Mon & Tues Closed
WEDS–SUN 10 AM–5 PM
by Ann Glasscock, Assistant Curator
Did you know that 2020 marks the bicentennial of the Taft Museum of Art's historic house? Two hundred years ago the oldest part of the museum’s footprint began to take shape. Around 1820, a simple four-sided home was built for Martin Baum (1765–1831) and his wife, Ann Sommerville Wallace Baum (1782–1864), forming the core of what would become one of Cincinnati’s most historic buildings. With that, it seems only fitting that we explore the predominant style of the early 1800s: Neoclassicism—an artistic approach that embraced the ideas of ancient Greece and Rome. Classical ornament and a preference for order and symmetry were hallmarks of this new style, elements that are reflected in the Taft’s architecture and its American furniture.
But what sparked this interest in antiquity? In a way, it started with the Scottish architects Robert and James Adam. Intrigued by archaeological excavations, they traveled to Italy in the 1750s and ’60s to study classical ruins. What the Adam brothers saw inspired their designs, and in 1773 they published the first installment of The Works in Architecture by Robert and James Adam, a highly influential book that helped open the door for the Neoclassical style. English furnituremakers such as George Hepplewhite and Thomas Sheraton also adopted the ideas set forth by the Adam brothers, which American craftsmen eagerly studied. Around the same time, the founders of the United States had been examining ancient Greek and Roman political philosophies to better define the government. It became clear that Neoclassicism, which contributed to the Federal style in the United States, best expressed the ideals of the new country, both politically and visually.
Federal-era andirons and fenders can be found throughout the museum. The latter protected both the floor and passers-by from embers or sparks from the fire. The fender from the dining room (fig. 2) features a decorative linear design known as Greek key, in keeping with the Neoclassical style of course. Siple also purchased this early 19th century fireplace mantel, one of twelve salvaged from homes throughout the Midwest and the East Coast. This one came from a home in Minerva, Kentucky, and much like the museum’s portico, it too is supported by plain columns and is decorated with ornament resembling the facade’s elliptical windows. The Tafts’ dining room further embraces Neoclassicism in its remarkable plasterwork ceiling (fig. 3). In 1910, Charles and Anna hired the architectural firm of Elzner & Anderson to enlarge the dining room. To the ceiling, they added an impressive oval plasterwork medallion in the Adam style. An original Adam ceiling from the English mansion Croome Court demonstrates Elzner & Anderson’s research into period designs (fig. 4).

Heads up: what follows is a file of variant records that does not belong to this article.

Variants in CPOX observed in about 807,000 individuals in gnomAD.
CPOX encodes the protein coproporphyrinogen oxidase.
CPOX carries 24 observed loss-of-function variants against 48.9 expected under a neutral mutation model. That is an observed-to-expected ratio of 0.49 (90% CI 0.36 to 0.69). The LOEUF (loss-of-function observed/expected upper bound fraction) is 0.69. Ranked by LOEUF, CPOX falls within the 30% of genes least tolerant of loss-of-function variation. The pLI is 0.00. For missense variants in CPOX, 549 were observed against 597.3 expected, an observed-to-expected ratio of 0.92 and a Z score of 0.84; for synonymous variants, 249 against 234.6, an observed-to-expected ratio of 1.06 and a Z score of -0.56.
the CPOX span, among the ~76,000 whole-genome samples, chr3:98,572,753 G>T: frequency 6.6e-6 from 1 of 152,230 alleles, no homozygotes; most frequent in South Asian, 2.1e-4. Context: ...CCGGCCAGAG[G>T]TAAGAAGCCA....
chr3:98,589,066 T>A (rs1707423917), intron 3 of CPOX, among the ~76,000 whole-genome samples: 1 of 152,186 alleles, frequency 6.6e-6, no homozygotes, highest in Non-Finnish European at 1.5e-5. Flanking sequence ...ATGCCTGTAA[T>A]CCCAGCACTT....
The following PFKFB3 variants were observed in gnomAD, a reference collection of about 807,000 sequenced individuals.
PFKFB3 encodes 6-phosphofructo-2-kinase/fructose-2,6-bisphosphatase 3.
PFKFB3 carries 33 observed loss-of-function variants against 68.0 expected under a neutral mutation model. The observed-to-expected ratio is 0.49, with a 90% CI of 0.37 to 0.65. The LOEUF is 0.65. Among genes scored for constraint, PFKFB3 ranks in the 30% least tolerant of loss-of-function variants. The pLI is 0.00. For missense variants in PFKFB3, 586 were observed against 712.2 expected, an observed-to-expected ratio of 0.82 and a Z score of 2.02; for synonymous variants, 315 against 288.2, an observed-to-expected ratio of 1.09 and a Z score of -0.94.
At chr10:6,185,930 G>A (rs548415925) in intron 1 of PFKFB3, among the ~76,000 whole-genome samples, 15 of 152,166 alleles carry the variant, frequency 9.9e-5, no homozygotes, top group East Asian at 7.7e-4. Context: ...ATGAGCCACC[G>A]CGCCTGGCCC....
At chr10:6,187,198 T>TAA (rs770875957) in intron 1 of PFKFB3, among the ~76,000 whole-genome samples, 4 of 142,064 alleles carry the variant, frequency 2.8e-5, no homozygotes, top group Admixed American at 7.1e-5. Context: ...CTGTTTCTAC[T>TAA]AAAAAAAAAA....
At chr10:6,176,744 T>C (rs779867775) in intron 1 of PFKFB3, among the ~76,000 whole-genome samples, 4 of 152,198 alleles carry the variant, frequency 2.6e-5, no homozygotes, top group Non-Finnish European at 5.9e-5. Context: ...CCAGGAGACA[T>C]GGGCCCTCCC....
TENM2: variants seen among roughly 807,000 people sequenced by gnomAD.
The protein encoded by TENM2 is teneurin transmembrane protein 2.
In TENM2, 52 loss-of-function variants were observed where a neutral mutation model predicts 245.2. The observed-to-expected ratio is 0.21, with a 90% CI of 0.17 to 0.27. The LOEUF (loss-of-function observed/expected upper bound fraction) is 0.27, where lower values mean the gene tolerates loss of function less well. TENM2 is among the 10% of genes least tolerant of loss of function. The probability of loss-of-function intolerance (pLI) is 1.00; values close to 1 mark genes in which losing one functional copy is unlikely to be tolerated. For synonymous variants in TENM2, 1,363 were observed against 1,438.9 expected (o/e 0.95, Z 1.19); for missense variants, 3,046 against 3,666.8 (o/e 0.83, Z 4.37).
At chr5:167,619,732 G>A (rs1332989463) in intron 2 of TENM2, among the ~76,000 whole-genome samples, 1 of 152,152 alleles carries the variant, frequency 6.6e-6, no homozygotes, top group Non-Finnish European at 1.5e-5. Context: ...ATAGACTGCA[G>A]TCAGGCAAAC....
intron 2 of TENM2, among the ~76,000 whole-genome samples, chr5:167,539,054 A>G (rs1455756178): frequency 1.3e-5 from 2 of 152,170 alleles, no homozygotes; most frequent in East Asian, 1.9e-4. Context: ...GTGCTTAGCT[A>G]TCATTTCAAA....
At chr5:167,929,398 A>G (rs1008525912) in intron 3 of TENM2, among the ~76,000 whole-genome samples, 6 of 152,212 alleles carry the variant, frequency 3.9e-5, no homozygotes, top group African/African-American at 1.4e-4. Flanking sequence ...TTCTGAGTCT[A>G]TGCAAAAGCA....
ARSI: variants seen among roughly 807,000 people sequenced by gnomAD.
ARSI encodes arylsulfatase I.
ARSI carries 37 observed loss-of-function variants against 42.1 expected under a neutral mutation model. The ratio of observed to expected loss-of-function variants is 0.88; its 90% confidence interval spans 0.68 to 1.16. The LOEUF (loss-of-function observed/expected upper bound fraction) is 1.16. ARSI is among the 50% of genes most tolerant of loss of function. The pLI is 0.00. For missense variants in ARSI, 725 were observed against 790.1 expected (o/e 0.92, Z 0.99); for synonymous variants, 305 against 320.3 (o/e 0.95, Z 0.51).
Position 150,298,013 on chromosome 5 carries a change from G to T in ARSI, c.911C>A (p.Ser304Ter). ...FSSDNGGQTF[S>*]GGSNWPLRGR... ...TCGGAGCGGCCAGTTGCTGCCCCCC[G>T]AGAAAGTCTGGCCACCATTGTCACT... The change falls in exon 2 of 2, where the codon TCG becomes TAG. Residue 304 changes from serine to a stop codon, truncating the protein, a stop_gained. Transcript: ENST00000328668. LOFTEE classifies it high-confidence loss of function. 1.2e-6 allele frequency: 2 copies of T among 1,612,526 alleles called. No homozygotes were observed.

For the museum, Siple also purchased nearly all the American furniture on display from an auction in New York. The works in this sale belonged to the late Louis Guerineau Myers, a well-known collector and connoisseur of early American furniture and decorative arts. Metropolitan Museum of Art curator R. T. H. Halsey wrote of Myers: “He was a real collector who experienced the excitement of the quest, the joy of possession, and the delight of the companionship of every piece of his collection." Siple had found the perfect sale, and he is to thank for the exceptional Federal furniture now in the museum’s collection.
One of Siple’s purchases included a rare card table almost certainly made in the workshop of the renowned furniture maker Duncan Phyfe, called by a contemporary patron the “United States rage” (fig. 5). The table’s visually striking base suggests the form of crossed lyres, a musical instrument popular among ancient cultures. They frame a turned finial surmounted by a delicately carved pineapple. In the early 1800s, pineapples—then an incredibly expensive fruit—served as a symbol of the owner’s wealth and hospitality. Below, each gracefully curved leg terminates in a brass-capped foot modeled in the form of a paw with clearly delineated fur and claws. Early 19th century designers borrowed the paw foot from ancient forms like this bronze tripod stand from Greece (fig. 6).
Zoomorphic characteristics also appear on other pieces of furniture in the museum’s collection, such as Michael Allison’s elegant sofa that is supported on four realistically modeled and finely carved lion’s-paw feet (fig. 7). On the front two feet, four horizontal feathers—possibly those of an eagle, thus symbolizing the new nation’s independence—sweep back from the edge of each foot. Characterized by rich materials and classical ornament imbued with a strong sculptural quality, Allison’s sofa embraces the latest fashions of the Federal era. Allison, Phyfe, and other furnituremakers had successfully created works that embodied the spirit of the new nation.